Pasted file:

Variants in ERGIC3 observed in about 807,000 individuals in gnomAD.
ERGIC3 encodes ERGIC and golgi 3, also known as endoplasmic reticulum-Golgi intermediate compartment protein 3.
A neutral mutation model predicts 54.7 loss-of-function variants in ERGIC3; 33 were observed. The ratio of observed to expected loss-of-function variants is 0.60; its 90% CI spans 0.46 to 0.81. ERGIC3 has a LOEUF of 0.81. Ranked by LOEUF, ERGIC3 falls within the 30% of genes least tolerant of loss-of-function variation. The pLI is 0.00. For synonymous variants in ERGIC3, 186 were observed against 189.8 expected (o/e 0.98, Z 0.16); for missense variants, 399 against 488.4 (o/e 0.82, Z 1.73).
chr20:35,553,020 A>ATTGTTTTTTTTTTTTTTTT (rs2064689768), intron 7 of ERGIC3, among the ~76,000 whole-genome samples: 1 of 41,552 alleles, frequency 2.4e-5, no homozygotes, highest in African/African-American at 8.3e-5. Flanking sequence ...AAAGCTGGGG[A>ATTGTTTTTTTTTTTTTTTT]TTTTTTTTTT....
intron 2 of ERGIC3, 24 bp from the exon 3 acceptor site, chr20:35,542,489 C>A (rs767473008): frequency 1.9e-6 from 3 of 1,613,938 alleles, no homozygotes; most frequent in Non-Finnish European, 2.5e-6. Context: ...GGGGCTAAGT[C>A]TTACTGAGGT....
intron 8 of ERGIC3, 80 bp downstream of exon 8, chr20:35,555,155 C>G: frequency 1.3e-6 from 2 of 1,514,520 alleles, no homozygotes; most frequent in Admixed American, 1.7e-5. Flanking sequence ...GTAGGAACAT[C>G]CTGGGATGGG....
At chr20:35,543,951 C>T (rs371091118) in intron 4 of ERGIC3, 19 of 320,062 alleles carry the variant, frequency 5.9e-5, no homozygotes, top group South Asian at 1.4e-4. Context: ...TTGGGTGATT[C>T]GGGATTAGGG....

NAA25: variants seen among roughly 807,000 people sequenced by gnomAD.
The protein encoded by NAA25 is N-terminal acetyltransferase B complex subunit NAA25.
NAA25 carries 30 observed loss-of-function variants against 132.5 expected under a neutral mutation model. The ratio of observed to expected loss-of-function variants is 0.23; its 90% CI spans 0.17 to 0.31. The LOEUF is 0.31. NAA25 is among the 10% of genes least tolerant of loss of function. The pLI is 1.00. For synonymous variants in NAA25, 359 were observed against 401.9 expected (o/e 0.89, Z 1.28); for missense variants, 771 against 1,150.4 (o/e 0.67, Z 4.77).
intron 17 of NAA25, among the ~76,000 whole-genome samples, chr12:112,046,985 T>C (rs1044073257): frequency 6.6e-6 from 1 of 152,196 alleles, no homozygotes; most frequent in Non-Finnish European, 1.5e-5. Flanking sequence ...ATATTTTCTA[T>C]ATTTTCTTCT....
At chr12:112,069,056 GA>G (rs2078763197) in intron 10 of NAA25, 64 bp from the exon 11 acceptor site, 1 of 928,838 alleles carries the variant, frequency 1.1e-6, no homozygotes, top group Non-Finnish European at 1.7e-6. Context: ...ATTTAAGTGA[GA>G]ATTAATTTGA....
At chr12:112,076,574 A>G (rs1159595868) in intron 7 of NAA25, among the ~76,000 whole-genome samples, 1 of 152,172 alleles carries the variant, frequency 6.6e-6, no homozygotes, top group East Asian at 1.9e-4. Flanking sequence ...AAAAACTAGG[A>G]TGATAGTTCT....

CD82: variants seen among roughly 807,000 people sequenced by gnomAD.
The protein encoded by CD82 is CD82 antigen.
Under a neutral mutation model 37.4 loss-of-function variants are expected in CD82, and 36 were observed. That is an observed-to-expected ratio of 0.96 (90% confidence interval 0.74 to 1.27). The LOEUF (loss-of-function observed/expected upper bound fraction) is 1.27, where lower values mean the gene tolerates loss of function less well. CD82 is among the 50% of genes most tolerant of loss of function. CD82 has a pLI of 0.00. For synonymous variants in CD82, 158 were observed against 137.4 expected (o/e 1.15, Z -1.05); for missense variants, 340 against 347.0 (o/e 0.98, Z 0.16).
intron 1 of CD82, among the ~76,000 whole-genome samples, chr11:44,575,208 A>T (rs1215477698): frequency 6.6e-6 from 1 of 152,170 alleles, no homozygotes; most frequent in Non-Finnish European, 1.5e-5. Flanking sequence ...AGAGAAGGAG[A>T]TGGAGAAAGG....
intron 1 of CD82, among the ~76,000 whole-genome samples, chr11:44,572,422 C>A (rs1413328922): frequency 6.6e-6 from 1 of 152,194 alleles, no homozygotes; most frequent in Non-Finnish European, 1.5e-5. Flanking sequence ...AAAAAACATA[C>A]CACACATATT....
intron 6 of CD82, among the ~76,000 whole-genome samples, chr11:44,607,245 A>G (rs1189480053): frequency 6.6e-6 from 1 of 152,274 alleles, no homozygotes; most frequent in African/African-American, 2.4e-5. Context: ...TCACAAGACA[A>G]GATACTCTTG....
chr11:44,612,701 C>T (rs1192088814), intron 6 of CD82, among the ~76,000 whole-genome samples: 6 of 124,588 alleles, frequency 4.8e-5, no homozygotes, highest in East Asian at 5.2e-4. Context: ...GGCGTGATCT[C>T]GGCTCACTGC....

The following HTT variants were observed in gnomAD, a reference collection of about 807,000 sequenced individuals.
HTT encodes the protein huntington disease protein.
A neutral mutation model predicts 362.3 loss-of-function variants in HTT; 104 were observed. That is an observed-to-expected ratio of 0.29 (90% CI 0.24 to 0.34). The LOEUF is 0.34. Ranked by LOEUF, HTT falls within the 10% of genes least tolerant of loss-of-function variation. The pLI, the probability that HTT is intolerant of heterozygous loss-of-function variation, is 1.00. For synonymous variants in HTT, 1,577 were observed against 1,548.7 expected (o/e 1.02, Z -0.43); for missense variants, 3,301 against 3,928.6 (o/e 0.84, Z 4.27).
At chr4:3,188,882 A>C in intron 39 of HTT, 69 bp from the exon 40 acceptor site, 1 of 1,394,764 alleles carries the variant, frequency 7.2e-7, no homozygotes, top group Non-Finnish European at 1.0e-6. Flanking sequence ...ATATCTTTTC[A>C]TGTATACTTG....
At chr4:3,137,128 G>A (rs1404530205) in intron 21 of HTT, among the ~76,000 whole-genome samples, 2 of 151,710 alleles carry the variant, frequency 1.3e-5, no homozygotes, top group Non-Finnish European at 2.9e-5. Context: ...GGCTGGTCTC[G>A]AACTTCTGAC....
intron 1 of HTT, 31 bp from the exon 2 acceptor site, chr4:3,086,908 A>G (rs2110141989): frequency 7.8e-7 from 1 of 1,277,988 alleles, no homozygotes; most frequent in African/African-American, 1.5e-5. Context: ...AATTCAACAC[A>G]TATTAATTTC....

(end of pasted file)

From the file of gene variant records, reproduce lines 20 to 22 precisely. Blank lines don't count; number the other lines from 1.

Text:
chr11:44,612,701 C>T (rs1192088814), intron 6 of CD82, among the ~76,000 whole-genome samples: 6 of 124,588 alleles, frequency 4.8e-5, no homozygotes, highest in East Asian at 5.2e-4. Context: ...GGCGTGATCT[C>T]GGCTCACTGC....

The following HTT variants were observed in gnomAD, a reference collection of about 807,000 sequenced individuals.
HTT encodes the protein huntington disease protein.